Shenandoah National Park
Located: Virginia - Established: May 22, 1926
The Park: Shenandoah is located a mere 75 miles west of Washington D.C. For hundreds of years, people lived on the lands that are now Shenandoah National Park. To create this park, the state of Virginia would need to acquire over 1000 private tracts of land and donate them to the nation. This was no easy task and was rife with controversy.
A good portion of the park’s famous Skyline Drive was constructed during the Great Depression when several Civilian Conservation Corps camps were established in or adjacent to what was to become Shenandoah National Park. Thousands of young men lent a hand in developing this park between May of 1933 and March of 1942.
Getting there: Shenandoah is located in the Blue Ridge Mountains in the state of Virginia approximately 75 miles west of Washington, D.C. There are four entrances into the park. The southern entrance, Rockfish Gap is accessible via I-64 and Route 250. This entrance is the start (or finish) of the 105-mile Skyline Drive that runs the entire north-south axis of the park. From the north, you would enter the park from Fort Royal via I-66 and Route 340. We entered the park via the Thornton Gap Entrance via Rt 211. The Swift Run Gap entrance, located at mile marker 65 is accessed via Route 33.
When to go: Shenandoah is “always open;” however, portions of Skyline Drive are closed due to inclement weather and at night during deer hunting season. The busiest time of year is during the fall when many visitors flock to the park to experience “Leaf Peeping Season!” Should you choose to experience the park during the Fall Color Explosion – go early and go midweek! During the leaf peeping season, traffic will be denser than fog on the Maine coast!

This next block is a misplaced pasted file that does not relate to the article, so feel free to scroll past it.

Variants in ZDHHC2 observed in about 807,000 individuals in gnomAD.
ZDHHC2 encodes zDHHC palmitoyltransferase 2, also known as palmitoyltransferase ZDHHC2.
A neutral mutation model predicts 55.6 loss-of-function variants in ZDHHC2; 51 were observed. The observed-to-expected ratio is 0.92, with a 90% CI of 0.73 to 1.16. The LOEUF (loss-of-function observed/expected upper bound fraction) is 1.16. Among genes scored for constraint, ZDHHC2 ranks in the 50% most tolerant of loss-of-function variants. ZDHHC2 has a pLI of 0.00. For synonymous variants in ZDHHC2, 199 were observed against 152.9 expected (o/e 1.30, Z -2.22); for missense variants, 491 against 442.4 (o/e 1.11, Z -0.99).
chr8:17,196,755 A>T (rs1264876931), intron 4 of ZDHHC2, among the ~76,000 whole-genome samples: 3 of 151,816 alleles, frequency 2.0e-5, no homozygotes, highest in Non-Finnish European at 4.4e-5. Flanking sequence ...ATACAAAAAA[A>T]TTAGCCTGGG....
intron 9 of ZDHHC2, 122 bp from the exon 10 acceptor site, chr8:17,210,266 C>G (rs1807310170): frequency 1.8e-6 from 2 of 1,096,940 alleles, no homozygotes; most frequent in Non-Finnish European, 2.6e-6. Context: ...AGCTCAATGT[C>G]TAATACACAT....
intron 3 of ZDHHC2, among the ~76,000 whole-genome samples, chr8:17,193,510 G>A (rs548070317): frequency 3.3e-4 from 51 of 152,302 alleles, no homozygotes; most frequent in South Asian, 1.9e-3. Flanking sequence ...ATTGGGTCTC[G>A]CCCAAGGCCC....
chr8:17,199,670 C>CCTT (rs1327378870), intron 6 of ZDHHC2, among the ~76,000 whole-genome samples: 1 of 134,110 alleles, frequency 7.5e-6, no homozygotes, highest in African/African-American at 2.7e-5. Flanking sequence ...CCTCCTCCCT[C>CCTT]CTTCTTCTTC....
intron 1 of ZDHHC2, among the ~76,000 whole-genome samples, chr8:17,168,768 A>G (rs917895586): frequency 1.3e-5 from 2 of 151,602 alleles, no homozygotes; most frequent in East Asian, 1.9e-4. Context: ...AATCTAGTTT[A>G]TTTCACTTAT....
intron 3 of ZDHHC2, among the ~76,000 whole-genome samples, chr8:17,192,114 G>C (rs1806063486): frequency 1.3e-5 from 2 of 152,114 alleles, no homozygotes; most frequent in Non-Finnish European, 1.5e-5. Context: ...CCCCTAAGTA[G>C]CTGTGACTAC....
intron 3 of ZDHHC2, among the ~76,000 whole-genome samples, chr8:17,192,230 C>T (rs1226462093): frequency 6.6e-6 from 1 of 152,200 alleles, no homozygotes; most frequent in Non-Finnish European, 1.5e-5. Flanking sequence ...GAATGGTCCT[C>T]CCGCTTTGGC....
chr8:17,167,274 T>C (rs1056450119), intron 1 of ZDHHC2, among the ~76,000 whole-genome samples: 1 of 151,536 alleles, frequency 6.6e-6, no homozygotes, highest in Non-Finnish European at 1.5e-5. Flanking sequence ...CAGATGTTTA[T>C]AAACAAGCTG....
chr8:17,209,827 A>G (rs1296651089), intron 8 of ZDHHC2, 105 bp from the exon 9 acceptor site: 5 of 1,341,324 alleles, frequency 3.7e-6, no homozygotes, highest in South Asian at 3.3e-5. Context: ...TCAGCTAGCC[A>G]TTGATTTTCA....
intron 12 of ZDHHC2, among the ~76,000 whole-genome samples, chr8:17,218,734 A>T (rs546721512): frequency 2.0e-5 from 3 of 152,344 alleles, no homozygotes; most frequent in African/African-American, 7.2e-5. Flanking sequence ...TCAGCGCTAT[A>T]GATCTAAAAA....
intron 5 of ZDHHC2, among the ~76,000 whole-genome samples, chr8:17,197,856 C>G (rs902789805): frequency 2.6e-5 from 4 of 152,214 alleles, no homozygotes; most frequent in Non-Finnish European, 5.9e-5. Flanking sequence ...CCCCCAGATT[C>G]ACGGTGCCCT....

What to do: Shenandoah offers a wide range of activities for visitors. Leaf Peeping is perhaps the most popular activity. The scenic 105-mile Skyline Drive is equipped with 75 overlooks providing vistas of Shenandoah Valley to the west and the rolling Pieldmont hills to the east. If the traffic along Skyline Drive drives you crazy, park the car, strap on your daypack, grab your trekking poles and go take a hike! You will never forget experiencing the spectacular views you’ll enjoy as you trek about any of Shenandoah’s over 500 miles of hiking trails.
Hike up the craggy peaks of Old Rag Mountain– the most popular...and the most difficult of all trails in the park. Or for a real adventure, hike the 101 miles of the famous Appalachian Trail that passes through Shenandoah.
For the day hiker, take a trek to the top of Stony Man Mountain and admire the view of the Shenandoah Valley below. Hike down to Dark Hollow Falls. The scenery and the short hike back up will take your breath away!
Where to stay: Shenandoah has four developed campgrounds with over 600 campsites accommodating RVs as well as tents. Many of the sites can be reserved in advance; however, several at each campground are available on a first-come, first served basis.
Shenandoah offers three lodging facilities all operated by Delaware North Company. Skyline Lodge at mile marker 41.5, Big Meadow Lodge at MM 51 and the Lewis Mountain Cabins south of Big Meadow.
Wildlife: Chances are, you may encounter a black bear sighting as this park has a dense population of these furry critters. We happened upon one while hiking to Dark Hollow Falls. (see picture above)
Trivia: From 1933 to 1942 an estimated 10,000 young men of the CCC planted hundreds of thousands of trees, shrubs, and native plants in Shenandoah National Park.
Banner: Shenandoah sunset.
Experience these Check List:
- Stop by any of the park's two Visitor Centers - Harry F. Byrd Sr. and Dickey Ridge
- Drive the entire length of Skyline Drive
- Hike to Dark Hollow Falls
- Climb to the top Stony Man Mountain
- Trek a section of the Appalachian Trail
- Explore Old Rag Mountain
- Leaf Peep in the Fall